The High Priestly Prayer of Gethsemane
Sermon preached on Sunday, June 5, 2022 by Dn. Jeff Smith
Today’s gospel is deep! It’s Deep stuff. It is just a portion of a long prayer that Jesus makes in Gethsemane before his crucifixion. This is the very same prayer that we read and pray on Holy Thursday, widely known as his “high priestly prayer.” In this prayer the Son of God consecrates himself before offering his life as a perfect sacrifice. He then ordains his disciples that they also may be offered in service of obedience which will win the world for God. This prayer falls into three parts, in which Jesus prays first for himself, then his disciples, and finally for the universal church.
His prayer begins with glory. “Glorify me in your presence with the glory I had with you before the world began.” Jesus uses the word glory or glorify eight times in his prayer. It’s the one word that holds it all together. How does this differ from how we pray? How do we pray? We beg. We complain. We reproach ourselves and our God. Surely God is doing less for us than he could. Surely our lives could be better. We hate our lives and we loath ourselves. Notice how these notes have no place in Christ’s prayer, which is shot through with glory, adoration, and thanksgiving, even exultation, though Jesus knows he is about to be hammered onto the cross. I often wonder about glory in the midst of hell, about opportunities for grace and calm to enter into a situation as horrible as what happened to the children in Uvalde, Texas. I have to believe that those children had an opportunity to enter into some unspoken place of prayer and safety even as they lay dying. This is the Lord’s promise to us.
Listen to Him! We can be the same way in our prayer! We too can turn to God, sure if His interest in us, assured that He will do all He can, gladly and willingly. Christ spoke to God as a man speaking to a friend, as a child to his father, reverently, humbly, yet confidently. Let us pour out to him our weakness, our needs, and our troubles. Let us lay bare our indifference and our instability. This is His invitation to unload our hearts and express our longings, our temptations, and our joy.
Jesus addresses God as “Holy Father,” reminding us that we too can be blinded by the blazing glory of his holiness. He prays, “give eternal life to all those you have given me.” This is a powerful promise of good things to come. When our hour of pain, disappointment, sorrow, loss, and death comes, will we face that moment with any level of unselfishness, with a quiet and unshakeable trust in God, like Jesus does today? This prayer directs us toward God’s nature of loving and forgiving, of self-sacrifice and grace. Eternal life is to live in this way, to break from our tribal conventions, and rise to worthier possibilities, beginning here, but reaching toward the best possible outcome.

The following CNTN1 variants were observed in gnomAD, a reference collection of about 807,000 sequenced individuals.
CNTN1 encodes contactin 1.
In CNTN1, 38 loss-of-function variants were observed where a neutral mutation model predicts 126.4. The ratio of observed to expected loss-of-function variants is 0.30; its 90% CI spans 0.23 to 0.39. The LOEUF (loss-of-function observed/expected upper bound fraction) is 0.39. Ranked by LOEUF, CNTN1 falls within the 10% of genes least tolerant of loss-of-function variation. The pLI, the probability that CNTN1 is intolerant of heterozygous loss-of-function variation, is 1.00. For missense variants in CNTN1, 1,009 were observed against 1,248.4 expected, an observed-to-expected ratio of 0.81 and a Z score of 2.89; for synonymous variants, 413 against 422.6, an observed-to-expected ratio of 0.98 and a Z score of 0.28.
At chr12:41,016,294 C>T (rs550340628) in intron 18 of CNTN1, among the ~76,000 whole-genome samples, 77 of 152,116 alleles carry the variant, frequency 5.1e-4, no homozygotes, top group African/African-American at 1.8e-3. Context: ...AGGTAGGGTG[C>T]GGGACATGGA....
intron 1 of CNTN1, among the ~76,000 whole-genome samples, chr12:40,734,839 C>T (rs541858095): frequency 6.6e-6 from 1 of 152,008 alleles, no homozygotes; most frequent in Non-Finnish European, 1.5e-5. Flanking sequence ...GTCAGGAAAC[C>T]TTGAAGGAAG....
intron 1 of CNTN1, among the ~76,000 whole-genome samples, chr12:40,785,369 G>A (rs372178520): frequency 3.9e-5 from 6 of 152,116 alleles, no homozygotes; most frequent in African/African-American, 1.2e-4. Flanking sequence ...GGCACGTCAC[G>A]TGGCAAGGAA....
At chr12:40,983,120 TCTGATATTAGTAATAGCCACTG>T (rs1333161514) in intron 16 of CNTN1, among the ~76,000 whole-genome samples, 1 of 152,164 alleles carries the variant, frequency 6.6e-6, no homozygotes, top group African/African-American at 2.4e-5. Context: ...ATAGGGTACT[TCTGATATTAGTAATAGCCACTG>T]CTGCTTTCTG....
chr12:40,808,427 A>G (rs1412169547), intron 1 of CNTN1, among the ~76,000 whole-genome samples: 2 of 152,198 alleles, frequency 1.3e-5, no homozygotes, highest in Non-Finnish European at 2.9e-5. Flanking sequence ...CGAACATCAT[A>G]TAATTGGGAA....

Jesus accomplished the work which God gave him to do, even though his efforts appeared futile in that moment. And although God has also designed our life with many good possibilities, we offer him back bunches of withered weeds, broken purposes, maybe some faded dreams.
But think of this! Just yesterday, I took our dog Zena out for a walk and delighted in her tail wagging as she joyfully sniffed along the trail. In the same way, God the Father delights in us, and he shares our joy as well as our sorrow. In the same way, Jesus had pride in his disciples. Even though he knew they were going to abandon him, and run away, he prays, “I am glorified in them.” He remains grateful for them. St. Clement of Alexandria wrote, “the Lord keeps instructing us, exhorting us, admonishing us, shielding us, saving us, and promising us the kingdom of heaven.”
Jesus prays, “Protect them, so that they be one, as we are one.” Right at the start, in its infancy, how close the church came to disintegrating into a mob of little angry, snarling sects, condemning each other, opposing each other, excommunicating one another! But Jesus prays for us, for the church, “that we may be one.” He prayed to his Father, “hold them together.” For us too, he prays, with a perfect knowledge of our needs. He prays to the Father, “help them, guide them.” In the early days of the church, it was with affection that the Christian community gave to each other as a matter of course, especially to anyone in any kind of trouble. Something new was happening here, something real and vital had been born into the world. Christ was born! As He prayed, “I in them and you in me. May they be brought to complete unity to let the world know that you sent me,” so the early church lived his prayer. But here’s a secret, we also are the early church. Compared to the grand course of cosmic time, we are only a breath away from these disciples of Jesus. So let us go forth, into an often brutal and hostile world, just like they did, knowing that we too are one with him, that we might also have His Joy fulfilled in our lives. Thanks be to God.